WSIB Return to Work is Just the Start


Most people in the construction industry are familiar with WSIB’s return to work obligations for injured workers and the special provisions for construction workers. This article is about the obligations you may not have appreciated that exist beyond those requirements.

The Ontario Human Rights Act (OHRA) prohibits differential treatment of workers who have made an application for WSIB benefits. It also requires employers to accommodate injured workers in their return to work. The employer must ask whether accommodations are required and must consider in good faith a request for accommodation. The degree of accommodation is significant – an employer does not have to create or invent a new job in order to accommodate a worker with a disability, but where an accommodation is possible it must be extended up to the point of undue hardship for the employer. Unlike the WSIB provisions, the OHRA obligation to accommodate in re-employment is not limited to a workplace injury and it is not limited to a specific period, it continues for the duration of the relationship. Failure to comply with the duty to accommodate can result in an application to the Human Rights Tribunal for an order for compensation for injury to dignity, lost wages and even re-instatement. The Tribunal routinely includes in such orders a requirement that the employer provide education on the duty to accommodate to all its employees and to publish these obligations in its employee manuals.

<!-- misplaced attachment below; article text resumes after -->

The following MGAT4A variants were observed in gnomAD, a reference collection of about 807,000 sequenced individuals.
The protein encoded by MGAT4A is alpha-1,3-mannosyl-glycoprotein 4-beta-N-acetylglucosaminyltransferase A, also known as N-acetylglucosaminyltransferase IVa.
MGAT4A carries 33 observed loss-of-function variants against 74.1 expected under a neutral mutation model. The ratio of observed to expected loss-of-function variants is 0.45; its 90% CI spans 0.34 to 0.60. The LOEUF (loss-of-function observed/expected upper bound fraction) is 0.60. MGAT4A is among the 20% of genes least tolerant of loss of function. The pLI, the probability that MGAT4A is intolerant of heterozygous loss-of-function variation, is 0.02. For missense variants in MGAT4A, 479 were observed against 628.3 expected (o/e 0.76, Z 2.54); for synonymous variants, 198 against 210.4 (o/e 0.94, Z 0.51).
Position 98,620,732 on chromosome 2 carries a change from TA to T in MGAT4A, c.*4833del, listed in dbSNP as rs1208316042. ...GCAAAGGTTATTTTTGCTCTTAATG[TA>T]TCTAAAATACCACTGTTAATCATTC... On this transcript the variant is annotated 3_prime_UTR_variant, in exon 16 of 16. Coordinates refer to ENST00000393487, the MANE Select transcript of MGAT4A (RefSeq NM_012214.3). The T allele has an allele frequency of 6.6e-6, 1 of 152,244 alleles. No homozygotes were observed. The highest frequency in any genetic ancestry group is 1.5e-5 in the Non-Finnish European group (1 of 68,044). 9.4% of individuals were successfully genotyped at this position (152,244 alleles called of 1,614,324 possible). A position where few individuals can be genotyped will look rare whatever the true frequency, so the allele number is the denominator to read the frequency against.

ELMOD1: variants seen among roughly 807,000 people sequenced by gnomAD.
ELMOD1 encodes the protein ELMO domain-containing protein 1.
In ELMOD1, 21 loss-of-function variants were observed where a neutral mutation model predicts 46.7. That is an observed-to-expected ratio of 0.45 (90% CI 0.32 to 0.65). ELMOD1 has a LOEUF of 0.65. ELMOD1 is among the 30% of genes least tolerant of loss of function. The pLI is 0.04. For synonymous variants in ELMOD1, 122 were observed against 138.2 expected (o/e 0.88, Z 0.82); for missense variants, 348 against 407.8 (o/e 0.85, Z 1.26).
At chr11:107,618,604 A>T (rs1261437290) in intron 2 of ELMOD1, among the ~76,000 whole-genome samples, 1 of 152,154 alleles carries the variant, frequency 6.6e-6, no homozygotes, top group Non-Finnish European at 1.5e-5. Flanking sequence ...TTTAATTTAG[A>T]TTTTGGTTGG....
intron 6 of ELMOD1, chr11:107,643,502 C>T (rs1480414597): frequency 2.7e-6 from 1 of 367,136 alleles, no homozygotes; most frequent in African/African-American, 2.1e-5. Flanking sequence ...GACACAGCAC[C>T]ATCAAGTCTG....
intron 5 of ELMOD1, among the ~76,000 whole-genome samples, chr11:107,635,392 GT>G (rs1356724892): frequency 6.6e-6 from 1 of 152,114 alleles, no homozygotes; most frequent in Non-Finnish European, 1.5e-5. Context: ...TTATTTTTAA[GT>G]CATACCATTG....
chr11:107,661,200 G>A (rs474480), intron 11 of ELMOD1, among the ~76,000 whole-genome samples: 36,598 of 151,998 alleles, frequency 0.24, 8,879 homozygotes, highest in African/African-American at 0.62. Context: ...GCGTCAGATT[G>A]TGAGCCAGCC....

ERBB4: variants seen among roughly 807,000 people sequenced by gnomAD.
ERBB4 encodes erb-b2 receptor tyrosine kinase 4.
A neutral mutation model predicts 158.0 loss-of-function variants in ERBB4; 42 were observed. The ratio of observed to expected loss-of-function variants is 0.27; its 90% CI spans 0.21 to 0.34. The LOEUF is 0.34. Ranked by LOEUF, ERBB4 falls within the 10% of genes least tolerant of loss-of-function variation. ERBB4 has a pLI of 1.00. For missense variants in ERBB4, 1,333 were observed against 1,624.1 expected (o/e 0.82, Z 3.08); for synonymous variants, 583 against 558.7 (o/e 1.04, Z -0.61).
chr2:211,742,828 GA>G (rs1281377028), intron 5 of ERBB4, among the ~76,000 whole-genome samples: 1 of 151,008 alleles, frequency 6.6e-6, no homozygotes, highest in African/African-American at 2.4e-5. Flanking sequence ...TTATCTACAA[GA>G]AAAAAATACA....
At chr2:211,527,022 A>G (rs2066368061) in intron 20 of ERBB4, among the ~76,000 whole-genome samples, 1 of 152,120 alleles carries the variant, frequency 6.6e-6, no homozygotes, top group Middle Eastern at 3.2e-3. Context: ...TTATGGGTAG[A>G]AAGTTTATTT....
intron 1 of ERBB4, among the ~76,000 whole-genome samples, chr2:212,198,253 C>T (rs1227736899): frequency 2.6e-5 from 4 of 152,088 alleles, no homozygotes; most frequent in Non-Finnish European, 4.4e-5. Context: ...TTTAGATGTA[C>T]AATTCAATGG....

The Human Rights Code obligations will also be familiar to people working in the construction industry.  However, it is quite possible that the obligations on employers under the Accessibility for Ontarians with Disabilities Act (OADA), 2005, S.O. 2005, c. 11 are less familiar. The Act has been phased in over time but all of the provisions referred to here have been in force since 2014. The Act and its regulation, O.Reg.191/11, requires that all employers with fifty employees or more to have in place a written return to work process for its employees who have been absent from work due to a disability and who require disability related accommodations in order to return to work and to document the process.

The OADA further requires employers with fifty or more workers to develop and have in place a written process for the development of documented individual accommodation plans for all employees with disabilities.

The OADA also has requirements for every employer to tell its employees of its policies used to support its employees with disabilities and to provide this information to new employees as soon as practicable after they start their employment. All employees must be informed whenever there is a change to existing policies on the provision of job accommodations that take into account an employee’s accessibility needs due to a disability. The regulation also requires every employer when making offers of employment to notify the successful applicant of its policies for accommodating employees with disabilities.

The OADA created the office of the director to investigate violations of the Act and to make remedial orders. It created a Tribunal which hears appeals of those orders. The Act has offence provisions for non-compliance with orders of the Director or the Tribunal with fines of up to $50,000.00 for individuals and $100,000.00 for corporations.

Each of these three Acts means employers must prepare to accommodate workers who indicate they have a disability that affects their work. Written policies and ongoing education of staff will prepare you to act when the need to accommodate presents itself and the requirements of these three Acts must be part of your HR manual.

Shawn O’Connor